P.E.I. getting wetter, climate research shows
Precipitation patterns changing
P.E.I. is getting more precipitation than it was when records started being kept in the late 19th century, but changes in how that precipitation is falling may be more significant than the annual amounts.
Weather records for Charlottetown start in 1872. Don Jardine, a masters student at the UPEI Climate Lab, found there was about 1,050 millimetres of precipitation falling on Charlottetown per year then, and that has since grown to 1,200.
Spread out over 12 months that's not a lot, said Jardine, but he also found significant changes in how the precipitation is coming down.
"We're getting more frequent intense events, like rainfalls over 25 millimetres in a day, and more 50-millimetre events in that period," he said.
"Maybe that's the reason for the increase. When we do get rain we seem to be getting more intense, quick drops, of rain in a short period of time."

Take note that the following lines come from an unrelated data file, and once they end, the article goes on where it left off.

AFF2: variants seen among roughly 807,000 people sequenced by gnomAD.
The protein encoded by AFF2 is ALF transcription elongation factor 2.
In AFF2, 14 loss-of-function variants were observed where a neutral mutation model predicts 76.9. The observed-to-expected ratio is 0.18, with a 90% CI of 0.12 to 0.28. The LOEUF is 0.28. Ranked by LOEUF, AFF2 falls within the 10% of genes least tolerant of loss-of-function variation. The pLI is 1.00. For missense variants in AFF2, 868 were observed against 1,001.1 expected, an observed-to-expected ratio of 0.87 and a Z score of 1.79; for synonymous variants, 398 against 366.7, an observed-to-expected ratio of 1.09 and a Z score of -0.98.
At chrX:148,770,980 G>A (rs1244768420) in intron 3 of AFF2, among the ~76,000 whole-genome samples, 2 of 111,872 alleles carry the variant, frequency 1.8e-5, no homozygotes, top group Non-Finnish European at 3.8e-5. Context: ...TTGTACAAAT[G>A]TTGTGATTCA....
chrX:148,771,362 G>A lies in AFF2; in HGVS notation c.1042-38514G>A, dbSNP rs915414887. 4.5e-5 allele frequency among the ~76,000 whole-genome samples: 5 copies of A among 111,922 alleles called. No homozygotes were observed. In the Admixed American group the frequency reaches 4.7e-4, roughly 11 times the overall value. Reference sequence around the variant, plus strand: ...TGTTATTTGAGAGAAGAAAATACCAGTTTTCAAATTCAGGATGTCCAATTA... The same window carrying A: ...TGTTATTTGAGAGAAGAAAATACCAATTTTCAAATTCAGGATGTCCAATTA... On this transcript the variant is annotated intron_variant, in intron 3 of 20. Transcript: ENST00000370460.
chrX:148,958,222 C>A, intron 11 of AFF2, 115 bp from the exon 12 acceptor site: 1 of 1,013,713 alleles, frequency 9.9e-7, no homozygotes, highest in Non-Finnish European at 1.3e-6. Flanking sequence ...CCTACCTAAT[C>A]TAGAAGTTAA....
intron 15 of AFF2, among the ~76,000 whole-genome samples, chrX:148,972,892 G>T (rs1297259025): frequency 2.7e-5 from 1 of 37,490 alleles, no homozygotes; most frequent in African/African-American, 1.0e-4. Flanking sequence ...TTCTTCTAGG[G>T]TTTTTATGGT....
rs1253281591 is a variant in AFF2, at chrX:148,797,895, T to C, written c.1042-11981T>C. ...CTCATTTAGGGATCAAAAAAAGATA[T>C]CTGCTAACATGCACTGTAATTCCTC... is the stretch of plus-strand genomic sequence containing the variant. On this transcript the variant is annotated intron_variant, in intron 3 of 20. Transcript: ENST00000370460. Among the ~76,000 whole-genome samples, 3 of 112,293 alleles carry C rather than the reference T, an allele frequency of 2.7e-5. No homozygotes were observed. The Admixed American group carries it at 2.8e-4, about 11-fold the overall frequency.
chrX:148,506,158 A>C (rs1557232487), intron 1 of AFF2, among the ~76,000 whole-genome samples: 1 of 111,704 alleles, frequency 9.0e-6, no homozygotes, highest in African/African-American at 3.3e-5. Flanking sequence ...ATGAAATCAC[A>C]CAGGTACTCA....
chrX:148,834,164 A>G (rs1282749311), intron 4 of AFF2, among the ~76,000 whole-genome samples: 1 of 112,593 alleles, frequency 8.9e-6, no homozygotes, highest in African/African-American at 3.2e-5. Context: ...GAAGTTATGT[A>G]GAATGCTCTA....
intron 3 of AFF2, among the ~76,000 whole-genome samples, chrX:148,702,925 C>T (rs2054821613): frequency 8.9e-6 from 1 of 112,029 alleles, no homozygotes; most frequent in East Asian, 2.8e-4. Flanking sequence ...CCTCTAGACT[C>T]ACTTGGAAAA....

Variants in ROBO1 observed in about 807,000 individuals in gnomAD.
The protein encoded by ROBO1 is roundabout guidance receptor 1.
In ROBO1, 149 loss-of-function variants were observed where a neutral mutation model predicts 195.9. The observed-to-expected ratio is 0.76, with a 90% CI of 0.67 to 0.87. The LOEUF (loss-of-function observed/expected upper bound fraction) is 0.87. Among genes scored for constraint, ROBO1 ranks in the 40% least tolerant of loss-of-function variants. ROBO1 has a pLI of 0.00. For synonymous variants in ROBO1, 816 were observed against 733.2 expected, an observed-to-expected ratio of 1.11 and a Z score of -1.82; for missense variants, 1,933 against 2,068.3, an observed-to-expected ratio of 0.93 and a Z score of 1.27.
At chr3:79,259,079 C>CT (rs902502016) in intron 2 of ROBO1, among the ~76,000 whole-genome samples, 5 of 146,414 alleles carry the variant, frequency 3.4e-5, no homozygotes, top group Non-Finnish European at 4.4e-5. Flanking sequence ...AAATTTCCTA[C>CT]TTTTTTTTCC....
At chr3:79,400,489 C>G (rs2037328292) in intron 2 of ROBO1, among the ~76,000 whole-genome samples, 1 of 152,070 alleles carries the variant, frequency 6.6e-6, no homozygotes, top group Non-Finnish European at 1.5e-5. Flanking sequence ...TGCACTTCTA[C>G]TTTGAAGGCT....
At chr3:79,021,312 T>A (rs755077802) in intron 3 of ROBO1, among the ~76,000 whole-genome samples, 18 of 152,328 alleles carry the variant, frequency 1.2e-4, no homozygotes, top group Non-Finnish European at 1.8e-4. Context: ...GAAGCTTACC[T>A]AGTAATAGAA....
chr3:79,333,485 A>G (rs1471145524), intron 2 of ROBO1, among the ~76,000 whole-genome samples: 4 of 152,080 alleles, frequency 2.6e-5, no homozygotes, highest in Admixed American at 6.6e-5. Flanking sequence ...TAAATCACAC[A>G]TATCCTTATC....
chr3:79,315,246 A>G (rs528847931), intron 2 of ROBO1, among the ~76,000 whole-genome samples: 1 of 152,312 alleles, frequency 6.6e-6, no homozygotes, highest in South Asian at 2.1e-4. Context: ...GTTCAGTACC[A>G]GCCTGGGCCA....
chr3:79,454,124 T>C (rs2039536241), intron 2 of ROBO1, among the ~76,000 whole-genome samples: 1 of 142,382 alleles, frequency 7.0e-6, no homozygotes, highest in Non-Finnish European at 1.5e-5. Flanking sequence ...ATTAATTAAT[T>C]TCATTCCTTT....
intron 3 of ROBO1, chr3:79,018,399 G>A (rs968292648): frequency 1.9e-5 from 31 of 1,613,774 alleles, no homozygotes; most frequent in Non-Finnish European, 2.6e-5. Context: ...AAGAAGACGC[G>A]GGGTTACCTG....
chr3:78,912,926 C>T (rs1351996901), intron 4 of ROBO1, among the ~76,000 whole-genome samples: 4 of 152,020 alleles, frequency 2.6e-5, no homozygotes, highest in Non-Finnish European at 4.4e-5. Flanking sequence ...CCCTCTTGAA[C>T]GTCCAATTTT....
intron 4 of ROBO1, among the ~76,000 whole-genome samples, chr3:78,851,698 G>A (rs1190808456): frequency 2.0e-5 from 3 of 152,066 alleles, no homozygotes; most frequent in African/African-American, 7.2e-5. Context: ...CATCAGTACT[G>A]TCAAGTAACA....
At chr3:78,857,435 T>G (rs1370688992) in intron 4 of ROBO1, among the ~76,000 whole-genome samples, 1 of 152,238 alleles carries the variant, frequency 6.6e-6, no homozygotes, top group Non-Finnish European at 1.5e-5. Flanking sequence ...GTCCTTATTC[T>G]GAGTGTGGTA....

How much precipitation falls from month to month also appears to be changing, Jardine said, and that could be a problem for agriculture.
Over the last three years, the month of July, when crops need the rain most, has had below average rainfall. Extra rain in the spring and fall last year made up for that.
Spring and fall rains can cause trouble for farmers, however. Last year in many areas fields were too muddy in the fall for the harvest.
This year Jardine is concerned about the smaller than usual snowpack. Snowfall has been below normal every month since December. Without significant snow melt groundwater won't get the usual recharge.
Jardine said the Island will need another rainy spring or waterways could be drier than usual.
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With files from Laura Chapin